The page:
My Siberian Husky became excited when she saw a woman standing in line on the other side of the L. I didn’t know why she would become so excited over a stranger until I realized who the stranger was. My Husky loved to watch television but only shows that featured animals; when humans came on, she would lose all interest and turn away from the screen. I’d often keep the TV turned to Animal Planet and at night we would watch Lassie. It was then I realized my Husky had somehow recognized June Lockhart, Lassie’s “mother” (Timmy’s mother, if we’re being technical).

The couple behind me noticed how excited my dog was, so I explained the situation to them. We had a good laugh about it and they complimented me on how beautiful both my dogs were. They told me they wished they had known the hotel accepted pets because they would have brought their dog. We talked about dogs and other things for about 20 minutes or more while we waited in the slow-moving line, and the entire time we spoke I couldn’t shake the feeling the man I was speaking to was familiar. I was certain I had seen him before, so I steered the conversation around hometowns and such but they were not from my state. Then I noticed he had a portion of a name tag jutting out from beneath his lapel. I strained my eyes, trying to decipher the writing whenever his jacket shifted, without appearing too conspicuous. Eventually, I could make out his full name and I knew immediately why he seemed familiar. After all, this was a man I had grown up watching on television. His hair had begun to gray and his face was lined with deep wrinkles but that was to be expected after 30 years. The name tag on the lapel of the man with whom I had been chatting so amicably about dogs read Walter Koenig. I had been talking to Ensign Chekov, who had appeared each week on my family’s 19-inch black-and-white Emerson TV set on Star Trek.

Back in the late 80s or early 90s, I was binge watching some of the early Dark Shadows episodes on VHS – the black and white ones introducing the 10-year-old ghost Sarah Collins, who had these haunting eyes. The next weekend, I attended  a Dark Shadows Festival in New York and received an invitation to a party at Studio 54. Even though it was past its heyday, I figured I couldn’t leave the Big Apple without checking Studio 54 off my bucket list so I popped in. Had I been expecting to see any of the brilliant Sy Thomasoff sets from the show I would’ve been disappointed; the only indication it had once been a soundstage (aside from its odd shape) was the architecture of the rafters above.

So I mingled, feeling a bit out of place as a tourist alone in New York City. Then, I saw a young woman my age (as I said, this was decades ago) who looked familiar. Naturally, I approached her (she had some friends around her) and told her she looked familiar, asking if we had met before. It must have seemed like the lamest pickup line possible, and she replied she didn’t think so; but I was certain I had seen her before so I pressed on. “Are you from Florida?” I asked. “Have you ever been to Florida? Where did you go to school? Work?” I knew I recognized her but the more questions I asked, the more I saw that “Omigod, he’s a stalker” look in her eyes, and her friends were giving me dirty looks, so I slowly backed off, hoping to lose myself in the crowd.

An even younger woman, who apparently had been standing behind me, approached me and asked, “Do you know who she is?” I replied I thought I knew her but apparently I didn’t, although her face was so familiar deep down I was certain we had crossed paths. The girl told me, “That’s Sharon Smyth. She was one of the stars on Dark Shadows.” I explained that wasn’t possible because she was my age and all the stars on my favorite childhood television show had been a good 20 years older than me. “Not her,” the girl replied. “She played Sarah, the 10-year-old ghost.” Immediately, I realized I had recognized the same haunting eyes at Studio 54 that I had been seeing for hours every day on television before coming to New York. Oops.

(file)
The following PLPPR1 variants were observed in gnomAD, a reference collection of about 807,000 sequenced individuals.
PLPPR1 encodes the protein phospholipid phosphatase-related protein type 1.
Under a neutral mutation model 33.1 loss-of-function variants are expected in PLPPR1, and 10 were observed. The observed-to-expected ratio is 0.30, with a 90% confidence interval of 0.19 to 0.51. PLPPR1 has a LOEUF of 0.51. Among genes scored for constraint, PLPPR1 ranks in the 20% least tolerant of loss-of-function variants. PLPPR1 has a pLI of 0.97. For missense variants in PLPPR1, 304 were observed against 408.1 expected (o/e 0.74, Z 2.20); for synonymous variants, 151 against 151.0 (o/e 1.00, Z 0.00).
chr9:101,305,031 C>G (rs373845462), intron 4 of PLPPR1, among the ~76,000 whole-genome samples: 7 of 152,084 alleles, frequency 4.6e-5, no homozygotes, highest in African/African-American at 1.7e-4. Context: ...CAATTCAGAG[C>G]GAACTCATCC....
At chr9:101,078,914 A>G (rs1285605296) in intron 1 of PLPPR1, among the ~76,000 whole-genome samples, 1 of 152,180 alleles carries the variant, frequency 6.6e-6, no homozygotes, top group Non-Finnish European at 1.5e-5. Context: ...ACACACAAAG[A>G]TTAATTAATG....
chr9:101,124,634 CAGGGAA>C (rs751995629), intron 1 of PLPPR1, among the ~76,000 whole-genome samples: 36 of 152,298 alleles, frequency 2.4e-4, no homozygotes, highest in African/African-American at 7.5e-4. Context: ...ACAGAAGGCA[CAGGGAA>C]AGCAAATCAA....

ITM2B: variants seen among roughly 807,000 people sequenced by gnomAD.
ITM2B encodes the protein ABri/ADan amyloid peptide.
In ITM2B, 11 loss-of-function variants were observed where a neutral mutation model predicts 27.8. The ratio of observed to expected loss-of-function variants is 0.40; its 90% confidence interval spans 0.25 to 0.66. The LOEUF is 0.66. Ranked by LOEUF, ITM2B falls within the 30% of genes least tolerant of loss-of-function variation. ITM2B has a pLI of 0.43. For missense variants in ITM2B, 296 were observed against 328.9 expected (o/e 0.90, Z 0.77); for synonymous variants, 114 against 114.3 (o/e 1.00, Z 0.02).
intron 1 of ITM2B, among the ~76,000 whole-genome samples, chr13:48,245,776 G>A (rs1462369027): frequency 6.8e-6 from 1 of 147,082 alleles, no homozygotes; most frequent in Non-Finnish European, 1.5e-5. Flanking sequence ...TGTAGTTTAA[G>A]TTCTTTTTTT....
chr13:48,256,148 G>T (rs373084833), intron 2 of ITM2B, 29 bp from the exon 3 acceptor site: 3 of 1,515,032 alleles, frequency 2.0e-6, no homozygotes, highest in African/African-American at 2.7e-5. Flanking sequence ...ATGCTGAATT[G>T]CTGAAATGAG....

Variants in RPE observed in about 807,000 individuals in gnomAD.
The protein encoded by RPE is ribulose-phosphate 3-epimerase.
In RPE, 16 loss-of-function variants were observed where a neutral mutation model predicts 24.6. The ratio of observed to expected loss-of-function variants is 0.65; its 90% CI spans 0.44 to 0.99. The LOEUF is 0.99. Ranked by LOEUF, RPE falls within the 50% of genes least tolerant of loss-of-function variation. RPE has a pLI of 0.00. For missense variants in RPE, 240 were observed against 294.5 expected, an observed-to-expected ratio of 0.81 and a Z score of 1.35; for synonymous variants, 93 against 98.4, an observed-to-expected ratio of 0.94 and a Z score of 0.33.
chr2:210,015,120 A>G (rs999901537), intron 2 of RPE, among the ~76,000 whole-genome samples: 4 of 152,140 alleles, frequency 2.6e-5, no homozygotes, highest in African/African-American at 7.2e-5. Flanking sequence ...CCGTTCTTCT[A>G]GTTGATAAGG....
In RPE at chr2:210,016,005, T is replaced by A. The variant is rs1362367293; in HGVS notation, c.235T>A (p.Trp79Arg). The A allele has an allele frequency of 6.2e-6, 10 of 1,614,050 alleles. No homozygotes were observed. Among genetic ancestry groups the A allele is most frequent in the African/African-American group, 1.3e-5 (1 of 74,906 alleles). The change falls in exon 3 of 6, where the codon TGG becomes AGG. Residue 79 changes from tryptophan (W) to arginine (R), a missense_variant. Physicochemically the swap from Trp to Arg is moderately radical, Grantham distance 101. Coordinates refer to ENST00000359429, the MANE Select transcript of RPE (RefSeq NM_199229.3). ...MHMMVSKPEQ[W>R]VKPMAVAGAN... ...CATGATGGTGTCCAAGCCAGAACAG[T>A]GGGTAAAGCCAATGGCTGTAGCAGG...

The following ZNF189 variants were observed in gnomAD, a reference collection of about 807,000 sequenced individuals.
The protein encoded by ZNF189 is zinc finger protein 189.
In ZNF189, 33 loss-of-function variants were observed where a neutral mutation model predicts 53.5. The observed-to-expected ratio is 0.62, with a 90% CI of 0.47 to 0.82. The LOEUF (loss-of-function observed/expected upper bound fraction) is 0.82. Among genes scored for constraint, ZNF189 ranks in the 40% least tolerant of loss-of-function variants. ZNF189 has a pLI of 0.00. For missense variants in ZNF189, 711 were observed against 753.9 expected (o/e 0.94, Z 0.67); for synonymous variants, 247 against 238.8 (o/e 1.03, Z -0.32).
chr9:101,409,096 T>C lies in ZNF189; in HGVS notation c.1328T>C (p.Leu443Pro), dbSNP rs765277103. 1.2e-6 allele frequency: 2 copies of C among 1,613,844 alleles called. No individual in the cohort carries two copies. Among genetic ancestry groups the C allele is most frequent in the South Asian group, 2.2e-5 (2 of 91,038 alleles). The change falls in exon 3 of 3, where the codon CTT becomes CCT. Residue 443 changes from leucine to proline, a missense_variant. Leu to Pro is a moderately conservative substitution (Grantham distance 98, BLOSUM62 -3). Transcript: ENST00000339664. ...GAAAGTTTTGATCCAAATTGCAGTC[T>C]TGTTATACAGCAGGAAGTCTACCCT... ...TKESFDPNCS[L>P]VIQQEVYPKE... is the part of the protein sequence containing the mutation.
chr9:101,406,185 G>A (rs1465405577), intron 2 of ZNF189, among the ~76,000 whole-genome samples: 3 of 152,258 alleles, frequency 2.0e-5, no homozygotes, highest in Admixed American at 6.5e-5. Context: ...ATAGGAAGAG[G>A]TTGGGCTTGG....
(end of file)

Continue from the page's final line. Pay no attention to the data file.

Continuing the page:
Flash forward about another two decades. I’d been invited to spend the week at Seaview Terrace in Newport, Rhode Island, the original “Collinwood” mansion used in the photo props for the Dark Shadows television series. The mansion was in need of repair and as part of the fundraising process I did a special limited-edition print run of about 300 copies of a short story collection and donated it so that it could be sold with all the proceeds to go toward restoration of the mansion. I know there weren’t 300 guests there that week, so either they sold them all over time or there’s a box of my books sitting in the haunted attic of Collinwood guarded by its resident ghosts. I also agreed to read some excerpts and be available to sign books during the weekend. The first evening there was a cocktail party and a few people approached me for autographs, so I kept the pen in my hand. I turned and bumped into a woman, apologizing of course, and she saw me holding the pen. She asked if I wanted her autograph. I replied, rather awkwardly, “Actually I was just signing autographs. Who are you?”

She introduced herself as Sharon Smyth, “I played the little girl Sarah on Dark Shadows.” This time there was nowhere to run and no large crowd to fade into. Oops again.

So I apologized profusely, first for not having recognized who she was, and then retroactively for having recognized her two decades earlier at Studio 54 and coming off as an obsessive stalker, LOL. A few days later, several of us attended the wonderful Judi Dench movie The Best Exotic Marigold Hotel and Sharon and I sat together to watch the film. All was forgiven, although she hasn’t invited me to another movie since.  ;­)